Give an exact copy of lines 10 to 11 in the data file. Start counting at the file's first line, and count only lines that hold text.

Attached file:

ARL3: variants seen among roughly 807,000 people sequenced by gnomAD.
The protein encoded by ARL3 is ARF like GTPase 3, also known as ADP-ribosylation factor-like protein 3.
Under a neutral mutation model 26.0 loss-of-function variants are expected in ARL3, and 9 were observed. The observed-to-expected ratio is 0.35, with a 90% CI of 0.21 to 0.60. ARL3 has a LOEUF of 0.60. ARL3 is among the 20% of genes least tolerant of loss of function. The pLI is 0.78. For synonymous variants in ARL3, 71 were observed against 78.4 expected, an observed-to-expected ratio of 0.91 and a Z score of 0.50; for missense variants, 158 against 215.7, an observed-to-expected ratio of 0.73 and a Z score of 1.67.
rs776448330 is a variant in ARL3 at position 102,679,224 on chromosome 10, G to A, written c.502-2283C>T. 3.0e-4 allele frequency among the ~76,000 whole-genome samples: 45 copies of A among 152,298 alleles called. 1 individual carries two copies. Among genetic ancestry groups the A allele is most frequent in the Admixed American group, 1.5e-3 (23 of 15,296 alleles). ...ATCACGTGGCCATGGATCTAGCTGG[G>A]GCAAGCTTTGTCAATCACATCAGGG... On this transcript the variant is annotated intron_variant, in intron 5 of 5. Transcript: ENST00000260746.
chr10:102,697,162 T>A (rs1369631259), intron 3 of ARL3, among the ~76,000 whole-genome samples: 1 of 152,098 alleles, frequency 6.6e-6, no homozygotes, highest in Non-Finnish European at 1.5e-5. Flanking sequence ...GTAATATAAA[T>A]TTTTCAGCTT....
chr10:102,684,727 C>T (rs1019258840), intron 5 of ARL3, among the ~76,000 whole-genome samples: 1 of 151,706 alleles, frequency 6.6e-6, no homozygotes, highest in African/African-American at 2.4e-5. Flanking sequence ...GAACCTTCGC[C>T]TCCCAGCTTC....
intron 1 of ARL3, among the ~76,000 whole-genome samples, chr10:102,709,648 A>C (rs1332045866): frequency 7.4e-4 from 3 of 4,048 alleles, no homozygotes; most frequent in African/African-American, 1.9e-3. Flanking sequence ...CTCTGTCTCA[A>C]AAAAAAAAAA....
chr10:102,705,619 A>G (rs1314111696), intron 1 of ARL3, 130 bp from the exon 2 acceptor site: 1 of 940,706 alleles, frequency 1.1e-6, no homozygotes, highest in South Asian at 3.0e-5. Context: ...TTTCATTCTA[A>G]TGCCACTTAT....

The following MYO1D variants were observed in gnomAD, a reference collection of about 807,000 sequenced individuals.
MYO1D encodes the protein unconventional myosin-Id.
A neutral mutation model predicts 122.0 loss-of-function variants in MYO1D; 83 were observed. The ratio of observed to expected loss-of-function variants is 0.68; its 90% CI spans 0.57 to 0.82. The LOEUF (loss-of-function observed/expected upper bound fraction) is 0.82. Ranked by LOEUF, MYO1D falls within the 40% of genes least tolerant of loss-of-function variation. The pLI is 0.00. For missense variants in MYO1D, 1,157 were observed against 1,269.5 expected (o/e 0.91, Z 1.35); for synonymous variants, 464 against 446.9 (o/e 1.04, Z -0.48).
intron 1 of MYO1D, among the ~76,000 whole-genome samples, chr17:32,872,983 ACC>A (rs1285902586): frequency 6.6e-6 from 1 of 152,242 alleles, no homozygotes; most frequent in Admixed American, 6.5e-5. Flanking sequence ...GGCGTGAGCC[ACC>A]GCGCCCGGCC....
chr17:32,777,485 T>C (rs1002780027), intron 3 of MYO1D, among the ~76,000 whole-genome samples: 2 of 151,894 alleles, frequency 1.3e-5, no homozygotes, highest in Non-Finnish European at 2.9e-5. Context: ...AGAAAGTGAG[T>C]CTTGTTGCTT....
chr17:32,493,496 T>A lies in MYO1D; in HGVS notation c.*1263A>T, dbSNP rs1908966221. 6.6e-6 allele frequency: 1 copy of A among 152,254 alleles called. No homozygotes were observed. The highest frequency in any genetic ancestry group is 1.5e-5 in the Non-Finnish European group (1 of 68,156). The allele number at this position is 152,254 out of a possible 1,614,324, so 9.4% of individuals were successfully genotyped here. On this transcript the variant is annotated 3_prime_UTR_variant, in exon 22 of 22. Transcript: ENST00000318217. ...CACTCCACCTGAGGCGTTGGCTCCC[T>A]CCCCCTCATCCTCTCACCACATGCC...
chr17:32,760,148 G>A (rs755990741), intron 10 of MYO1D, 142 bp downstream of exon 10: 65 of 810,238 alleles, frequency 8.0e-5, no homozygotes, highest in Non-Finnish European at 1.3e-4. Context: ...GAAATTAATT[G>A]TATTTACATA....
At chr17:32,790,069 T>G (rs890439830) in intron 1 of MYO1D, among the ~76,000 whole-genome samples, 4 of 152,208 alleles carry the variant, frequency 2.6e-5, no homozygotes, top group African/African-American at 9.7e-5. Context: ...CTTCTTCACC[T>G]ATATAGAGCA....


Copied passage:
MYO1D encodes the protein unconventional myosin-Id.
A neutral mutation model predicts 122.0 loss-of-function variants in MYO1D; 83 were observed. The ratio of observed to expected loss-of-function variants is 0.68; its 90% CI spans 0.57 to 0.82. The LOEUF (loss-of-function observed/expected upper bound fraction) is 0.82. Ranked by LOEUF, MYO1D falls within the 40% of genes least tolerant of loss-of-function variation. The pLI is 0.00. For missense variants in MYO1D, 1,157 were observed against 1,269.5 expected (o/e 0.91, Z 1.35); for synonymous variants, 464 against 446.9 (o/e 1.04, Z -0.48).